And it’s going to be a dayDan Fogelberg
There is really no way to say no
To the morning
I marked the winter solstice — the year’s shortest day — six months ago, and I alluded to the vernal equinox in March. Checking my calendar, I see that today is the summer solstice (aka “the first day of summer”), the most daylight we get all year.
As I said in December, we’re granted 24 hours of existence regardless of what day of the year it is. The only people who take full advantage of the sun are farmers, tradesmen, explorers, Country folks. Everyone else remains enslaved by The Clock, whining that light shines through the bedroom window too early this time of year and grumbling about driving to work in the dark in the winter.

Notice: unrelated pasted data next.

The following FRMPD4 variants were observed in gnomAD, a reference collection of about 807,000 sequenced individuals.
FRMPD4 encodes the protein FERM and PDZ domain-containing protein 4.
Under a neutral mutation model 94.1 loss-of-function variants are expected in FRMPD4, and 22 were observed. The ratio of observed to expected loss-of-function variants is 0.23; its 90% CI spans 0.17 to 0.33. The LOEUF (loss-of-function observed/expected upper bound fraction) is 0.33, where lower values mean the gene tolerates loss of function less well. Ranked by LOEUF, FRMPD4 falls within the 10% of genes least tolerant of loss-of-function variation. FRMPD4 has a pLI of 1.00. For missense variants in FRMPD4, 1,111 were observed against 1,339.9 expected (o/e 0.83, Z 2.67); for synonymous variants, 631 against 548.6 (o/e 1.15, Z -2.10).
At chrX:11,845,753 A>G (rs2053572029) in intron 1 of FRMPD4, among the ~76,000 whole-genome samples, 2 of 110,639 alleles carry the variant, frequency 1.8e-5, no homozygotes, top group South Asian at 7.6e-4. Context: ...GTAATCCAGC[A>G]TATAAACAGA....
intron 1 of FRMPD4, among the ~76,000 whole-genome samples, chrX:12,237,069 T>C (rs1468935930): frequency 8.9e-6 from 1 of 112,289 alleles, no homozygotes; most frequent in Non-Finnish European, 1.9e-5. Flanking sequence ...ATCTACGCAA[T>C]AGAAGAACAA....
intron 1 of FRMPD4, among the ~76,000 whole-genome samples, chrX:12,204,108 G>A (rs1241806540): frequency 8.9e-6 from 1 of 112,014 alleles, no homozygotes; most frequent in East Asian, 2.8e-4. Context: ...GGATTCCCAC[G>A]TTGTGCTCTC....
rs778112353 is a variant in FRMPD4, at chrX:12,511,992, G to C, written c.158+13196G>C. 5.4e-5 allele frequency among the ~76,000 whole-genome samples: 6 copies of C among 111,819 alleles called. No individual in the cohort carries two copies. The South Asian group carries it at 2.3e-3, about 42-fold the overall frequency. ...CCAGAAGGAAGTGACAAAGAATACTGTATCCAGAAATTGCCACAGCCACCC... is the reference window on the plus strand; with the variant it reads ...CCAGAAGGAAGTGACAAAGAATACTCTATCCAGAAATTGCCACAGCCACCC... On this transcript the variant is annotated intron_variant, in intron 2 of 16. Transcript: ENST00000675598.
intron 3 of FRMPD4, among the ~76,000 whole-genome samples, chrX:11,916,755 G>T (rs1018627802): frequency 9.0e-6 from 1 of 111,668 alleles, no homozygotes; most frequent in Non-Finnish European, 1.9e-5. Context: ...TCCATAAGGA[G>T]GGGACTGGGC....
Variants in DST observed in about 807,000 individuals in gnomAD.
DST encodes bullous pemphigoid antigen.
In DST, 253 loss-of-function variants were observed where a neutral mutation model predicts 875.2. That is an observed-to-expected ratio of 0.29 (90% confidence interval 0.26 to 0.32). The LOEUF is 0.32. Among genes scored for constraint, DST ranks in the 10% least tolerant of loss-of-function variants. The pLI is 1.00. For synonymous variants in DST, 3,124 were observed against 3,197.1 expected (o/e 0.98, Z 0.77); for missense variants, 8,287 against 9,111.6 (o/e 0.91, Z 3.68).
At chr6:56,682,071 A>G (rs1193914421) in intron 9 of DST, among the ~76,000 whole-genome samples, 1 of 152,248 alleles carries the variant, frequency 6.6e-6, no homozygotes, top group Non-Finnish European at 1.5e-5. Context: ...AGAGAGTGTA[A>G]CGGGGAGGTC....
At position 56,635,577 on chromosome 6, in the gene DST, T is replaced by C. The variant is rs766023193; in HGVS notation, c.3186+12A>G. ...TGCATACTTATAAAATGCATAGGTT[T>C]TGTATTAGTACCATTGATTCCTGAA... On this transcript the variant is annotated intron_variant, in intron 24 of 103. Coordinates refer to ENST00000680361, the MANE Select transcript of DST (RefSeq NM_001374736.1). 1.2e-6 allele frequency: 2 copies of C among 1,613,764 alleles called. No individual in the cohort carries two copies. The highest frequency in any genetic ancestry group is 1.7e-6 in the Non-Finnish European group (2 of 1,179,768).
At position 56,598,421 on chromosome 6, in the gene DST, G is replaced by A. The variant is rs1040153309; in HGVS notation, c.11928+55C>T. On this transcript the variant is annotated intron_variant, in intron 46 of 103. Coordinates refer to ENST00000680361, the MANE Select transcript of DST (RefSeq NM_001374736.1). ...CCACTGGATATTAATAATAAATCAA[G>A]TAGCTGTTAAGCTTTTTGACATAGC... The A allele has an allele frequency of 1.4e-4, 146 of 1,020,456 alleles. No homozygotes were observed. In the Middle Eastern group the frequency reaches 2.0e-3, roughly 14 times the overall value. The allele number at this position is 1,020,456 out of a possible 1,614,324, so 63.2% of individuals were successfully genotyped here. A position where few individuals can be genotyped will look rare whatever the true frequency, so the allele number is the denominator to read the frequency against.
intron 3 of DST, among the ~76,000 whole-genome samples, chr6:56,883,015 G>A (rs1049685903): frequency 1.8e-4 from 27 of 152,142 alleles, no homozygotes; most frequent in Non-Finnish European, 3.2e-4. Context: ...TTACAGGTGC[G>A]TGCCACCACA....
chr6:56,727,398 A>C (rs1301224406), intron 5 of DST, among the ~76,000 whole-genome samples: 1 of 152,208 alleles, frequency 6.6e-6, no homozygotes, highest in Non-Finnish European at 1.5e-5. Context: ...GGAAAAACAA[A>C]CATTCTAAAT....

But if we choose to live by nature’s sun and not by man’s clock, June 21st is kind of a big deal.
At December’s solstice, the sun rose over The Mountain at 7:18am and set at 5pm, giving us nine hours and 42 minutes of daylight. Today, sunrise was at 5:55am and sunset will be at 8:33pm — 14 hours and 38 minutes. Do the math.
We opened our eyes this morning to almost five more hours of daylight than we had six months ago. That comes in a season of deep greens rustling under lapis skies, when evenings are warm and vibrant long after dusk.
Yeah, I’ll celebrate that.
I have friends who, believe it or not, choose to see this brightest day as the beginning of the end, as good as it’ll get, a high point after which everything from now ’til the next solstice is depressingly downhill. Whatever — I don’t play that game.
I praise the morning. I bask in evening’s glow. In between, while the sun’s up, I live my best American Life.
Take care of yourselves, Patriots. Stay calm. Stay sharp. Stay free.